Lighting becomes connected and intelligent
In addition to the energy saving that LED-based connected lighting systems will bring, there will also be lower maintenance costs. In the near future, intelligent lighting systems will be able to do self-diagnosis, signaling to city management which kind of maintenance is required, and when it is required. They can also autonomously negotiate with power supply systems to balance power demand and supply, obviously leading to much higher energy efficiency.
By integrating sensors in the lighting infrastructure, the range of possibilities can be extended even further. Imagine lighting networks that start monitoring the air quality across the city, that give an overview of traffic and crowd streams, or that measure the amount of precipitation – the opportunities are almost endless.
Bringing the lab to the city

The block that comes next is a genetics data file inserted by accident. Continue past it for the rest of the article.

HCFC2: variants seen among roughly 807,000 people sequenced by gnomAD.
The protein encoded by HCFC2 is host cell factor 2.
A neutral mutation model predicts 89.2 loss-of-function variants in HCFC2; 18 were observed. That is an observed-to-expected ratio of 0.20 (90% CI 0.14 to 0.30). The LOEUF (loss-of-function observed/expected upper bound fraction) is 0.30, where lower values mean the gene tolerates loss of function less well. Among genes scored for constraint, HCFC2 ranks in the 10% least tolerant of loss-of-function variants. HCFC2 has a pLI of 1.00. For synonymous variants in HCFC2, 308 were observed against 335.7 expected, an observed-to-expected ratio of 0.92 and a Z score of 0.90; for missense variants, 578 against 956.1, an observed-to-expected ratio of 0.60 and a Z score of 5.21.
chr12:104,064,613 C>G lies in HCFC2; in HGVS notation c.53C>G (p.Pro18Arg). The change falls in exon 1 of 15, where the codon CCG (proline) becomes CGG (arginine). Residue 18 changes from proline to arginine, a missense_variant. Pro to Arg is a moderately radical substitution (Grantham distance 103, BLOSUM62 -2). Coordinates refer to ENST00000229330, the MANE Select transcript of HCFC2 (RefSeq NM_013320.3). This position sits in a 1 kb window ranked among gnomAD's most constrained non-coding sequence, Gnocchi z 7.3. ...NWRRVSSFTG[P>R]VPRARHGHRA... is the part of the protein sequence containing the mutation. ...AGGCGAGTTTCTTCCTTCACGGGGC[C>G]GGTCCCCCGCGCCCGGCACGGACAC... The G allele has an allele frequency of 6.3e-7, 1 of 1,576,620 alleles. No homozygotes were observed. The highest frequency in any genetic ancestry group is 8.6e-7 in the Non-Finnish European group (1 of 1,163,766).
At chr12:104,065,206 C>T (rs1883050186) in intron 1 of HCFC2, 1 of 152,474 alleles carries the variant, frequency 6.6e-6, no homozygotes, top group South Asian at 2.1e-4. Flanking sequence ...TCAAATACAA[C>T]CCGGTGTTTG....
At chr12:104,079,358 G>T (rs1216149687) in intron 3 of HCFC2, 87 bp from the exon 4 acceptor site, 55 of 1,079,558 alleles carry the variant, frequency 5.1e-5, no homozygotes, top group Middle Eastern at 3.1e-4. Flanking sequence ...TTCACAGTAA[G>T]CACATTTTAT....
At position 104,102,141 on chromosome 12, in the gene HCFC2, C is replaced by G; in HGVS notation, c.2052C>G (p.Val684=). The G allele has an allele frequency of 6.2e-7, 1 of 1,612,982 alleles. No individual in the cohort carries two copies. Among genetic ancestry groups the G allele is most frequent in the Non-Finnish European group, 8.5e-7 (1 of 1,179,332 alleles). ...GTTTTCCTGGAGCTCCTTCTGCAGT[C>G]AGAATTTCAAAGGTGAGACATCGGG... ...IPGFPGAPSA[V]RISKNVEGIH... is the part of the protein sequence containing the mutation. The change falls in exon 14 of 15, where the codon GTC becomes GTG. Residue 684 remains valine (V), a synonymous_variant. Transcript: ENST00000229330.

We have to experiment to find out what the needs of modern cities really are, and how we can then address them by applying connected lighting systems in the most useful, efficient and sustainable way.
But to really develop smart lighting solutions that add value and are easy to use, we have to start experimenting with citizens themselves, as early in the development process as possible. So rather than having a laboratory where we as scientists and developers do all the work, we want to move the lab into the city itself. We want to work together on meaningful solutions with the people we’re doing it for: citizens, city managers and governments, and partners in the industry.